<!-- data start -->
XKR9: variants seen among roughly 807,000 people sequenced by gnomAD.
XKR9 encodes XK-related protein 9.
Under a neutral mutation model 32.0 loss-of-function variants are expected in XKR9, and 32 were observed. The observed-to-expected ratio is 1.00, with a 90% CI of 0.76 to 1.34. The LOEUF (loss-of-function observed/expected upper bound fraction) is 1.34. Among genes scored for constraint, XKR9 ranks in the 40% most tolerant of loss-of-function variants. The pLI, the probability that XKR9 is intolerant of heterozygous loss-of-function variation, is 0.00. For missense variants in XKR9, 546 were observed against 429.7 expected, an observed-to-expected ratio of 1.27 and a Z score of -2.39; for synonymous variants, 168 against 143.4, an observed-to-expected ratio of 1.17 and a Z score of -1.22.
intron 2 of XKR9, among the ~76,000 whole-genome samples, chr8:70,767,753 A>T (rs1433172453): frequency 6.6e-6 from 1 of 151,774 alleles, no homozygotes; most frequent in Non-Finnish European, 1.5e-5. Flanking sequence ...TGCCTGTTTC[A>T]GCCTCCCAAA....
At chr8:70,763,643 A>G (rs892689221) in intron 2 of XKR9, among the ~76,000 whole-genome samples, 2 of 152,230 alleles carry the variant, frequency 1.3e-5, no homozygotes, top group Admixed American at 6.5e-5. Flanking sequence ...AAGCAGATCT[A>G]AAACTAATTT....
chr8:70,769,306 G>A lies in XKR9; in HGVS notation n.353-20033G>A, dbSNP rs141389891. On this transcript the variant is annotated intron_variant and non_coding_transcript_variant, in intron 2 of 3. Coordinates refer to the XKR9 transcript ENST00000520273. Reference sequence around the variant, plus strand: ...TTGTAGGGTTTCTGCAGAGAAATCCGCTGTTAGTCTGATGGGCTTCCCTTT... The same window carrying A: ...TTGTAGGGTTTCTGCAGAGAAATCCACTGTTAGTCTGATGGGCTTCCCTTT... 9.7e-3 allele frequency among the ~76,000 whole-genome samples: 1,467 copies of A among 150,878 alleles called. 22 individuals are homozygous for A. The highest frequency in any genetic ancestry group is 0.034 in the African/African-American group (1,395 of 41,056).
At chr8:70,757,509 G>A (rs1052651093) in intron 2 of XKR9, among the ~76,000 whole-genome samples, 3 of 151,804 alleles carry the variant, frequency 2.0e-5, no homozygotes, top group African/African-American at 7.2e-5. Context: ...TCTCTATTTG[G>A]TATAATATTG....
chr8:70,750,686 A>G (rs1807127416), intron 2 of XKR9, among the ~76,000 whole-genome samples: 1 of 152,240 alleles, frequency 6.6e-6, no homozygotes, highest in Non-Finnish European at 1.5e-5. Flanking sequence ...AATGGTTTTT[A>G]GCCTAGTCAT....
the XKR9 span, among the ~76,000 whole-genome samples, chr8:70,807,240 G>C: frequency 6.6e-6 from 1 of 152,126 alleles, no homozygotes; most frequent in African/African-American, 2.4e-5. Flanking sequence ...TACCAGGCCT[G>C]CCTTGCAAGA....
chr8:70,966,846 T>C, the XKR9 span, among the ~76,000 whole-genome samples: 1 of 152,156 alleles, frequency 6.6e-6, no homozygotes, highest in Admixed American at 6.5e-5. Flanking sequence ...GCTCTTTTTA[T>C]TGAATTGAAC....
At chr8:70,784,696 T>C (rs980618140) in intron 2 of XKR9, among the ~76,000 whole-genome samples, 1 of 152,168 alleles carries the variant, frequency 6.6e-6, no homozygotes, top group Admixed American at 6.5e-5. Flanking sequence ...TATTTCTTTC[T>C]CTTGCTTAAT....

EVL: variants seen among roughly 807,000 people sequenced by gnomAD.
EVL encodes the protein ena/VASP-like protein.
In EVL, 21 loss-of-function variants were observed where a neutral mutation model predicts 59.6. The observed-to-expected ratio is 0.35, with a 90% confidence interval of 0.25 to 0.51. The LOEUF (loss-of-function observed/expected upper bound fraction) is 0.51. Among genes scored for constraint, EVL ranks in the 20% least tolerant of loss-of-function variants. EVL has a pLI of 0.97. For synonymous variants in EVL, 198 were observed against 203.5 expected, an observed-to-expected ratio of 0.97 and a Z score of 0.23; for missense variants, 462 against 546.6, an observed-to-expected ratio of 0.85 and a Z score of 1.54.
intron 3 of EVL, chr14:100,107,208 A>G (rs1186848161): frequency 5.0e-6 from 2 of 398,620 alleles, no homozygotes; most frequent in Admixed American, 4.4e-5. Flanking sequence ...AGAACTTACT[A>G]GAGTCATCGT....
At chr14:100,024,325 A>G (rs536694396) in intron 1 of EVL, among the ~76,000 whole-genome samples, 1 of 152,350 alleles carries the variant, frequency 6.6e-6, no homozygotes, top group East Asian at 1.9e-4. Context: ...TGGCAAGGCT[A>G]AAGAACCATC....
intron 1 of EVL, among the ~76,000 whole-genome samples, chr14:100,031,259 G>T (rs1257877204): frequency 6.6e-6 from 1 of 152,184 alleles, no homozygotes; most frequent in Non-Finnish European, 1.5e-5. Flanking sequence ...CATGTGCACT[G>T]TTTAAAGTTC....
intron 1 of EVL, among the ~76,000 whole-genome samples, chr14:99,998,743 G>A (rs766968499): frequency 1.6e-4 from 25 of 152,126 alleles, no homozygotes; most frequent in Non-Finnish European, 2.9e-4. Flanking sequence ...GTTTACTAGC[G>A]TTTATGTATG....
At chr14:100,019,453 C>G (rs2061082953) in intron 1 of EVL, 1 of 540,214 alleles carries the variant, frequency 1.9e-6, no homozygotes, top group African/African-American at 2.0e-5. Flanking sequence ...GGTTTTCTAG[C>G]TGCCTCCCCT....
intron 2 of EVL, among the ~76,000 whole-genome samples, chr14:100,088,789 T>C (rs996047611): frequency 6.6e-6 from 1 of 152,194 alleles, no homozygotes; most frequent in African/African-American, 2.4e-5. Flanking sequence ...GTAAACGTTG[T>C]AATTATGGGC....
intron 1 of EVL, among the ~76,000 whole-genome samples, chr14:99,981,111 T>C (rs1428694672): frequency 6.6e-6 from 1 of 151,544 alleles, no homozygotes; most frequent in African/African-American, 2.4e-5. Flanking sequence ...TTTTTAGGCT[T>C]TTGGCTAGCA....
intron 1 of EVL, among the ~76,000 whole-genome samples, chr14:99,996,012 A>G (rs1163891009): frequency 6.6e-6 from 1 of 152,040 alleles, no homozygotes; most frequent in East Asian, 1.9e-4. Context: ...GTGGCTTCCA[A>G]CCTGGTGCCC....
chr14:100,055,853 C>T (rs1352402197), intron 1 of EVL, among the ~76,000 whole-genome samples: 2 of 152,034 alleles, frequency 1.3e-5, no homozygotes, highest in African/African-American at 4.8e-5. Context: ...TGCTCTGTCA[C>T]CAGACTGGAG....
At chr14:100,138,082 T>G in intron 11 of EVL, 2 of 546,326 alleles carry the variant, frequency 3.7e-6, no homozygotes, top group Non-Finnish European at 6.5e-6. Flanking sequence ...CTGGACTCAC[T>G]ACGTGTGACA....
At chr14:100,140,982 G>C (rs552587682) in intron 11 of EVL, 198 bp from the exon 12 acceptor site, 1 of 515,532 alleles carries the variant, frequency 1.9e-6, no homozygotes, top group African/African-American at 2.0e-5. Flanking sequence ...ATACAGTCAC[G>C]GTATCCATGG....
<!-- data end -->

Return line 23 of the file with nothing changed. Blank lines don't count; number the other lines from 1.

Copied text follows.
chr14:100,055,853 C>T (rs1352402197), intron 1 of EVL, among the ~76,000 whole-genome samples: 2 of 152,034 alleles, frequency 1.3e-5, no homozygotes, highest in African/African-American at 4.8e-5. Context: ...TGCTCTGTCA[C>T]CAGACTGGAG....